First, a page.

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Designing an undo system

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I suppose the typical undo system is centered around a stack data structure. Depending on the data that you''re editing, you can either push the previous state onto the stack, or you can push the changes made to the data onto the stack. Then, whenever you do an undo, you simply pop off the last thing on the stack. If it is a previous state, then you simply revert back to that state. If it is a change that had been made, then you simply reverse the change.

You could probably implement a system that handles both types, previous states, and changes, since some actions can''t simply be reversed.

You''d also probably need to be able to permanently remove things that are on the bottom of the stack, in order to keep memory usage acceptable. Again, this depends on what type of information you''re pushing onto the stack, and how often.

I don''t have any links to resources, though. Sorry. But hopefully the stack suggestion will be helpful (assuming it isn''t already obvious).

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One could build a basic undo system by using functor objects and a stack.

You would have a base class for the functor objects.
And for every type of action that may need to be undone, you derive from this. These derived functor objects contain the logic to undo the action.
Every time an "undo-able" action is performed, the appropiate undo functor is created and filled with the info needed to undo that action, and finally pushed on the undo stack.

Suppose you''re building some sort of paint program
eg:


// the baseclass

class UndoFunctor
{
public:
virtual void Execute()=0;
}:

/*
A undo functor for undoing a DrawLine action. It would probably contain some data members to "remember" the state of the drawing canvas before the line was drawn.
something like a Rectangle class and a Bitmap class
*/

class UndoDrawLine : public UndoFunctor
{
Rectangle affectedArea;
Bitmap backup;
public:
void Execute(){
// remove the line by blitting the backup bitmap to

// the affected area

}
};




I hope you got the idea.

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Stacks are a good choice, but only when they're used right. It has the potential to be memory intensive if, let's say, you decide to store each state in the stack. That would be bad.

To my knowledge, most windows applications use a memory mapped file that is always open while the application is running. This allows you to keep your undo data in a sort of customized virtual memory and it's never swapped in or out, which takes time. The stack could be used to store the handles of each location in the file where an action occurred. In my eye, using a memory mapped file with a stack of locations is the best way to go. Memory mapped files are covered in chapter seventeen of the essential Win32 book, "Programming Applications for Microsoft Windows, 4th Edition" by Jeffrey Richter.

Actually calculating the undo instructions is up to you. Depending on what and how your application does its work, you may choose to store calculation data (or de-calculation data, to reverse changes made). You may choose to keep a copy of the previous data around and incrementally store the data in your classes into the file. You might do well to integrate a record of states within each data type you have (would be VERY messy but self-contained). I can't offer much in the way of this sort of advice, but you should be able to figure out a clever way to implement it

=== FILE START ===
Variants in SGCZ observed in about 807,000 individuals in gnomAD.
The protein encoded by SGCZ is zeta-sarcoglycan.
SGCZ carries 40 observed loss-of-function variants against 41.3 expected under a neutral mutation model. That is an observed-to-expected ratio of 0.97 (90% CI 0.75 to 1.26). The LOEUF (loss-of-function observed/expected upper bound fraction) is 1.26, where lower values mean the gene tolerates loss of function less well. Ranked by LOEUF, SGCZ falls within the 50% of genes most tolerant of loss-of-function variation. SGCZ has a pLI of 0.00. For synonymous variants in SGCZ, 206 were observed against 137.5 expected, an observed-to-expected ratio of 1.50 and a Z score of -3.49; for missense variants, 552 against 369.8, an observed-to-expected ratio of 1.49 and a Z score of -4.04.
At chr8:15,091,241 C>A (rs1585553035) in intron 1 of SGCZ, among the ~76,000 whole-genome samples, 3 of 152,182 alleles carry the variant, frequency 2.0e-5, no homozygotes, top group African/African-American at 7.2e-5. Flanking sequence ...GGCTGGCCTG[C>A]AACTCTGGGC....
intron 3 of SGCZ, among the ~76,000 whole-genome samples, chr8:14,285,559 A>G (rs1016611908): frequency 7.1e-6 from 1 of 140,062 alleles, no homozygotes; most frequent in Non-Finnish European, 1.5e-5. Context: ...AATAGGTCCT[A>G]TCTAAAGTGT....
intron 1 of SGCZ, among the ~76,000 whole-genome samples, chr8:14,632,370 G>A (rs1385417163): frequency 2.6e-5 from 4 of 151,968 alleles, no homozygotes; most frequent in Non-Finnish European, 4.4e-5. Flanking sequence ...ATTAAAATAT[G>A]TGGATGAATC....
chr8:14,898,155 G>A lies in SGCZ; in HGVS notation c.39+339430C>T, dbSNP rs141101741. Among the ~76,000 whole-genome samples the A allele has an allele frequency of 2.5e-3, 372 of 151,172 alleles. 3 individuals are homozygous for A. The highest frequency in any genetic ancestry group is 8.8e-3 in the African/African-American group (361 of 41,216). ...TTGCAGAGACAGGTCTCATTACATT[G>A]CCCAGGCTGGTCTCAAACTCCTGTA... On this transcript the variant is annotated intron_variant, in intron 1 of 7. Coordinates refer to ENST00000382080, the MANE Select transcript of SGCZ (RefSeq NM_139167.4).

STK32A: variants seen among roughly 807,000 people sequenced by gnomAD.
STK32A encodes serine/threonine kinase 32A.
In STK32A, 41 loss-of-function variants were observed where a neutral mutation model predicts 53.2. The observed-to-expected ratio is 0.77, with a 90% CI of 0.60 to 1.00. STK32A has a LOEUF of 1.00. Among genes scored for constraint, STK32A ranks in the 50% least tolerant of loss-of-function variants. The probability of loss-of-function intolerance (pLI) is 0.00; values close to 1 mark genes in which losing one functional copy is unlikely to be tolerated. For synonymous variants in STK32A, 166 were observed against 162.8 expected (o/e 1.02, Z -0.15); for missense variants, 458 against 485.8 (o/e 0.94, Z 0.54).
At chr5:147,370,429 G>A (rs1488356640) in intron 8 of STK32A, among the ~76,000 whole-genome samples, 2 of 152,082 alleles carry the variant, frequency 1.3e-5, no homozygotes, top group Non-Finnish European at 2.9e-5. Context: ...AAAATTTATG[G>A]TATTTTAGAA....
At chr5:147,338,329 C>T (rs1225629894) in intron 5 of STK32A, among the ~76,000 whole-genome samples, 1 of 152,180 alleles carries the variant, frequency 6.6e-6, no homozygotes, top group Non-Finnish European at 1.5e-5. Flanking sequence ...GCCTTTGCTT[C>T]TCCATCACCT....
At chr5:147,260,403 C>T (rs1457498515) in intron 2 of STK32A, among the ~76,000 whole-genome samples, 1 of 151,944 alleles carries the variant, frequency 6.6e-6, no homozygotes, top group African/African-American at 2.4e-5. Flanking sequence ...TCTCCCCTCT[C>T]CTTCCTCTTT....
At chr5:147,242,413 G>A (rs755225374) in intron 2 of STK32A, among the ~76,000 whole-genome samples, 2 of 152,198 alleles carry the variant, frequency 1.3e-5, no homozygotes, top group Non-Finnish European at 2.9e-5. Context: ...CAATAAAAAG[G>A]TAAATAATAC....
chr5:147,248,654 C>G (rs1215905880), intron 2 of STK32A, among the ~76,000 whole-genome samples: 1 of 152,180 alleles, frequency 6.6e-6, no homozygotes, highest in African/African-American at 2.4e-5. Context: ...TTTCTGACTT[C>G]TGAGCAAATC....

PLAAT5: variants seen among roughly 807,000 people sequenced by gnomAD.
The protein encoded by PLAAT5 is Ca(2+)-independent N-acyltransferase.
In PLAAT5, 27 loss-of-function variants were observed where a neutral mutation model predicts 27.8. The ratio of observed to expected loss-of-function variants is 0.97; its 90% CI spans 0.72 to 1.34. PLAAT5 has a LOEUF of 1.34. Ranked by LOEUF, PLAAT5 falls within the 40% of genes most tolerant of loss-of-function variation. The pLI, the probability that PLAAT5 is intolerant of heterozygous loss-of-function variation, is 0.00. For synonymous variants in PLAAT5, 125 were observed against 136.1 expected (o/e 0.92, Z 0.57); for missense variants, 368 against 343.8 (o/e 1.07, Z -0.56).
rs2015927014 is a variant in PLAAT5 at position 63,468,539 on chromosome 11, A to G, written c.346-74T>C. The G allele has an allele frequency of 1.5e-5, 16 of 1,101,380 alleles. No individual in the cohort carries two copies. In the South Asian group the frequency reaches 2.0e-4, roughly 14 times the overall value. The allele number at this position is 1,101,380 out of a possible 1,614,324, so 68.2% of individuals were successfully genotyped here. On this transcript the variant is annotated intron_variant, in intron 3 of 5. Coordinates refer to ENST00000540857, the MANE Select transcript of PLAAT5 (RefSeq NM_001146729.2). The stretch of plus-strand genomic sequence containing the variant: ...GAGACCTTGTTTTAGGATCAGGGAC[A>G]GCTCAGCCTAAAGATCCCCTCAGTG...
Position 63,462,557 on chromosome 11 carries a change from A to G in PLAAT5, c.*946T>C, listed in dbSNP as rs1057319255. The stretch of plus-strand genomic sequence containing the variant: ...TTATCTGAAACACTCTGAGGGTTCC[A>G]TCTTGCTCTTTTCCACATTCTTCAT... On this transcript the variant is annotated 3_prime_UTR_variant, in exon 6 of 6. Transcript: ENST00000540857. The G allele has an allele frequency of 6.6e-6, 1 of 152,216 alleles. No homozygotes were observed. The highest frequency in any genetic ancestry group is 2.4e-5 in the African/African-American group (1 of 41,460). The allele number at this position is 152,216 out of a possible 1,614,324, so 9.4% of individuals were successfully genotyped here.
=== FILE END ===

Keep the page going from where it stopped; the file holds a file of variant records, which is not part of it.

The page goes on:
Good luck!


_________________
:: MajorShredd ::
The glass is neither half full nor half empty;
rather, it is a combination of both, and the system is perfect.


[edited by - MajorShredd on June 2, 2004 6:35:40 PM]

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yeah, a basic undo system could work something like this:

first, you need all of your "commands" to be in some sort of common form, such as classes derived from a common base, functors or function pointers with a common signature, whatever ... I personally use interfaces like this:

class ICommand
{
public:
void Execute(void);
}

class IReversableCommand : ICommand
{
public:
void ExecuteUndo(void);
}

second, you need all of your commands to go through a central "processor" of some sort ...

so when you need to do an action, it should somehow equates to lines like:

CommandManager.PushCommand(currentCommand);

... gotta go, hope to add more later.

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Yep, a generic functor, such as boost:function, and two stacks, one for undo and another for redo build the core of the system.

Then, you make objects for each action the user can take, and when it is invoked, it puts it''s buddy undo object onto the undo stack.
When the undo action is invoked, it invokes the top object on the stack and put it''s redo buddy (the original action object) onto the redo stack.

You can check the type of the object on top of the stack, and modify it if it is the same type. e.g. Many times when you type and hit undo it undoes that last block of text, not just one character.

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Here is an implementation of a simple undo system. Feel free to expand upon it.

http://www.randommonkeyworks.com/Programming/Undo.html

David

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Something makes me wonder why there''s not a tutorial or faq guide to undo/redo systems here on GameDev. At least, I haven''t seen any in my searches of the resources here.

_________________
:: MajorShredd ::
The glass is neither half full nor half empty;
rather, it is a combination of both, and the system is perfect.

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